One night In May, I noticed a very loud sound from right outside our window. My husband, Dwight, has a fish pond right outside our kitchen door.
The sound was loud! So, on May 26, I whipped out my iphone and taped the noise.
You’ll hear the noise at 7 seconds into the tape, and 12 seconds, 18 seconds and 23 seconds. The sounds came from a small frog or toad. After comparing my recording to recordings of frogs/toads of Arkansas, I concluded we had a Fowler Toad, which is common in this area.
After reading more, I realized that this toad had chosen our pond as a breeding pond. He chose us! He chose our pond!
As a child, I remember we raised tadpoles once. I was excited about the chance to watch the process again, especially because my grandkids could watch this time.
The toad sang and sang for several nights. All night long, it seemed.
Then, on June 11, I took a morning walk and came back to find two Fowler toads in the pond. The girl showed up!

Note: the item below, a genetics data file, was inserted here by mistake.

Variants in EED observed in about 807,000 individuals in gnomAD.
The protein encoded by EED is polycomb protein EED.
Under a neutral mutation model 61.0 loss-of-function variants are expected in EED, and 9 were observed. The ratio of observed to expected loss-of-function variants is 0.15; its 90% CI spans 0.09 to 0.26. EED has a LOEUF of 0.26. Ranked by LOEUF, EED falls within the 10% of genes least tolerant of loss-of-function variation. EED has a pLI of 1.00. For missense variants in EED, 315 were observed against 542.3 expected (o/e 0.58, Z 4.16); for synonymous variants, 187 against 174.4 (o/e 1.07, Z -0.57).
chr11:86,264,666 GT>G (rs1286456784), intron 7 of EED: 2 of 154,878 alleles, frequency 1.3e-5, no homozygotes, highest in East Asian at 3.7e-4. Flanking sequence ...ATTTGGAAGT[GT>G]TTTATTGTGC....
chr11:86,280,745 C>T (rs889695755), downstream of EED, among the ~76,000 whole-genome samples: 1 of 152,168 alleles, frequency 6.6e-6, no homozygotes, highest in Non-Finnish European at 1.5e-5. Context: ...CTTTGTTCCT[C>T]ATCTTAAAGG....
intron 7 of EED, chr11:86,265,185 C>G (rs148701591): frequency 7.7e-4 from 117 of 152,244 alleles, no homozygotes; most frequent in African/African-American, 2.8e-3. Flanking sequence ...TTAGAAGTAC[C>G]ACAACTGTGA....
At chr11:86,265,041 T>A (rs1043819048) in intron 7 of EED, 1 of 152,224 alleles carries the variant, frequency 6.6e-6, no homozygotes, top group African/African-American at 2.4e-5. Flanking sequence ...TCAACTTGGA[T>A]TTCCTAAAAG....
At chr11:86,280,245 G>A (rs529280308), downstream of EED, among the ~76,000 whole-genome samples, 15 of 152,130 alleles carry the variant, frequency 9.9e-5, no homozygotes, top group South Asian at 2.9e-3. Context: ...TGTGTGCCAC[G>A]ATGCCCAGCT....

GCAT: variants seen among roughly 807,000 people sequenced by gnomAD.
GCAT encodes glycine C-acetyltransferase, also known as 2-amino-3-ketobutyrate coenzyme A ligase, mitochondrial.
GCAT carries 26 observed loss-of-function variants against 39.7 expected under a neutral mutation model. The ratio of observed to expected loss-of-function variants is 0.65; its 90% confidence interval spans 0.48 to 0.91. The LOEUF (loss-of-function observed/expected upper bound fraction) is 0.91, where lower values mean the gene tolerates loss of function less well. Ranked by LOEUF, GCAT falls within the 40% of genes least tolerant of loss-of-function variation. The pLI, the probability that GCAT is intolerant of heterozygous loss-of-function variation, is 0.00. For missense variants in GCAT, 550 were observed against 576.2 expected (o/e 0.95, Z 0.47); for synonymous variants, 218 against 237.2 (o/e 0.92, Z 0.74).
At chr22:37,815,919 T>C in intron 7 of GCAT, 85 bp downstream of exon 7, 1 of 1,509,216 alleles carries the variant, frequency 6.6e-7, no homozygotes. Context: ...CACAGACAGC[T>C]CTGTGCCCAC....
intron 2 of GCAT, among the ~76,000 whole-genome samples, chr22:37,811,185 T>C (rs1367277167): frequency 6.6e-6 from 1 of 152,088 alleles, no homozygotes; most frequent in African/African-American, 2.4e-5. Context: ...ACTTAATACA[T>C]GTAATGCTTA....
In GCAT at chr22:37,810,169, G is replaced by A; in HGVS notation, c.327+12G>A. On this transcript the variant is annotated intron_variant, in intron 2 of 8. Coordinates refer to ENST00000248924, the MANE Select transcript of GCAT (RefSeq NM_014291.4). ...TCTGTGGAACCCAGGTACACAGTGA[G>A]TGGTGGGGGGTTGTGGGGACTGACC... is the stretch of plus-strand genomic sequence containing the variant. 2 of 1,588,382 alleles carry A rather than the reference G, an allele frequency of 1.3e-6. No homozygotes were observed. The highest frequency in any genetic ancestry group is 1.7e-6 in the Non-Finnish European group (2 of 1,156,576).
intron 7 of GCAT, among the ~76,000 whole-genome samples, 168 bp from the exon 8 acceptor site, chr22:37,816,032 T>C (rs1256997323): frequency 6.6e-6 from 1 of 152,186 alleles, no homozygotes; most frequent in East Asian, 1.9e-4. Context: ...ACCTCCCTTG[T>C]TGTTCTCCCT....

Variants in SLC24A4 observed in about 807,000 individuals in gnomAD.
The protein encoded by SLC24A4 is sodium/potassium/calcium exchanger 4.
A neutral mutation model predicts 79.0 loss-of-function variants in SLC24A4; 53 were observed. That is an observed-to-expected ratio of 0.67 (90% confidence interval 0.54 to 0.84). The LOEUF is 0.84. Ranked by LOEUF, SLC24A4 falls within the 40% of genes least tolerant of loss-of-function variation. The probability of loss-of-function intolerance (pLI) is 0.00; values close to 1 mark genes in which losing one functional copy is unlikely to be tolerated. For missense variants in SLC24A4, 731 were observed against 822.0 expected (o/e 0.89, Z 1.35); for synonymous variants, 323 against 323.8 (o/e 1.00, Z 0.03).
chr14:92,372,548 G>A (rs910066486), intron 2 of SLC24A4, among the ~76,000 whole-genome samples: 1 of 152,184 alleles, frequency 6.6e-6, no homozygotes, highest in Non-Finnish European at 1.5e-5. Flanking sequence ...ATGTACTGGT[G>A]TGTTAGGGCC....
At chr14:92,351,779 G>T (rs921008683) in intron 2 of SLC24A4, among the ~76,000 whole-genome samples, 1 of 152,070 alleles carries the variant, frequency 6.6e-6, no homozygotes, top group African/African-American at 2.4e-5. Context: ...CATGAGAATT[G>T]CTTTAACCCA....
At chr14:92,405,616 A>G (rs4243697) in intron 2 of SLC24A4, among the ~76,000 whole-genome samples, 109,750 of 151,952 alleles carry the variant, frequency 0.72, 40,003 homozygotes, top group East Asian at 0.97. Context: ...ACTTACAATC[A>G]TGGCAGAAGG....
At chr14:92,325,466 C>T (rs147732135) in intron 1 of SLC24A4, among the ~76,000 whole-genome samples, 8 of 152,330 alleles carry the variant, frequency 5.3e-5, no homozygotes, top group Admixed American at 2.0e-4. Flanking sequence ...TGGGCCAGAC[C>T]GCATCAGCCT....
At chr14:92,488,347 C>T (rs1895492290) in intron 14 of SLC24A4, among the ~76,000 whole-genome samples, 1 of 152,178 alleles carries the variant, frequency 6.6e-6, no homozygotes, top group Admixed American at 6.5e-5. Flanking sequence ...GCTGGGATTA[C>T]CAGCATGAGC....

Fowler Toads mate in what’s called amplexus, which means the eggs are externally fertilized. The smaller male is usually on the female’s back for the duration.
Tadpoles: Day 3
We watched the pond every day and on Day 3, we found tadpoles! Dozens and dozens. Scientists report that the Fowler Toads may lay 5000-25,000 eggs at a time. But the pond had several goldfish and I knew that many of the eggs would be eaten before they could hatch.
Now, there are dozens and dozens of tadpoles.
As a person who writes science and nature books for kids, I am always conscious of the possibilities. But this isn’t a book, and may never become one. The story is too common; it’s not ground-breaking science. It’s just fun. And that’s enough.
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